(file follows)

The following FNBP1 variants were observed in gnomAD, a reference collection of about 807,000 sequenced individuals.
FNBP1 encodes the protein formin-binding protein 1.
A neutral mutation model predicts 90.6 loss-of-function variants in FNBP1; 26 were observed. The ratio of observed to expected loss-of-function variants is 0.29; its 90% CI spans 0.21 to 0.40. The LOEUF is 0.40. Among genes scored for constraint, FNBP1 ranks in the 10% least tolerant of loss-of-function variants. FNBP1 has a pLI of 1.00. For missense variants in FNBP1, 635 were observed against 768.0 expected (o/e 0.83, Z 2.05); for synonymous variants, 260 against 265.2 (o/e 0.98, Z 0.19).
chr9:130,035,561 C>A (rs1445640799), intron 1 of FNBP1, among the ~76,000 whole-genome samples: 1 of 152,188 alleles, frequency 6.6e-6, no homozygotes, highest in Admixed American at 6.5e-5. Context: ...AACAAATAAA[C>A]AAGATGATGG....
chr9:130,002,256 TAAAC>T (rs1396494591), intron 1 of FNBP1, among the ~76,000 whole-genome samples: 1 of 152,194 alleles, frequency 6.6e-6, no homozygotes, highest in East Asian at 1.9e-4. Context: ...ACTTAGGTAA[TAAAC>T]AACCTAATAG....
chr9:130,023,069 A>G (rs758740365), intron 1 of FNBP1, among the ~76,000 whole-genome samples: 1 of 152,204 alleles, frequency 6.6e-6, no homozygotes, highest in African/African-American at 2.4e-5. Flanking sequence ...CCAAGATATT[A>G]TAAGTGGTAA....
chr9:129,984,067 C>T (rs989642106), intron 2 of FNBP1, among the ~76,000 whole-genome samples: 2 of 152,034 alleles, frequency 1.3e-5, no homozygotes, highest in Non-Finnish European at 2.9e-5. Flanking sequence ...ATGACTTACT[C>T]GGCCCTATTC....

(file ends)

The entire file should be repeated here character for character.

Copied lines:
The following FNBP1 variants were observed in gnomAD, a reference collection of about 807,000 sequenced individuals.
FNBP1 encodes the protein formin-binding protein 1.
A neutral mutation model predicts 90.6 loss-of-function variants in FNBP1; 26 were observed. The ratio of observed to expected loss-of-function variants is 0.29; its 90% CI spans 0.21 to 0.40. The LOEUF is 0.40. Among genes scored for constraint, FNBP1 ranks in the 10% least tolerant of loss-of-function variants. FNBP1 has a pLI of 1.00. For missense variants in FNBP1, 635 were observed against 768.0 expected (o/e 0.83, Z 2.05); for synonymous variants, 260 against 265.2 (o/e 0.98, Z 0.19).
chr9:130,035,561 C>A (rs1445640799), intron 1 of FNBP1, among the ~76,000 whole-genome samples: 1 of 152,188 alleles, frequency 6.6e-6, no homozygotes, highest in Admixed American at 6.5e-5. Context: ...AACAAATAAA[C>A]AAGATGATGG....
chr9:130,002,256 TAAAC>T (rs1396494591), intron 1 of FNBP1, among the ~76,000 whole-genome samples: 1 of 152,194 alleles, frequency 6.6e-6, no homozygotes, highest in East Asian at 1.9e-4. Context: ...ACTTAGGTAA[TAAAC>T]AACCTAATAG....
chr9:130,023,069 A>G (rs758740365), intron 1 of FNBP1, among the ~76,000 whole-genome samples: 1 of 152,204 alleles, frequency 6.6e-6, no homozygotes, highest in African/African-American at 2.4e-5. Flanking sequence ...CCAAGATATT[A>G]TAAGTGGTAA....
chr9:129,984,067 C>T (rs989642106), intron 2 of FNBP1, among the ~76,000 whole-genome samples: 2 of 152,034 alleles, frequency 1.3e-5, no homozygotes, highest in Non-Finnish European at 2.9e-5. Flanking sequence ...ATGACTTACT[C>T]GGCCCTATTC....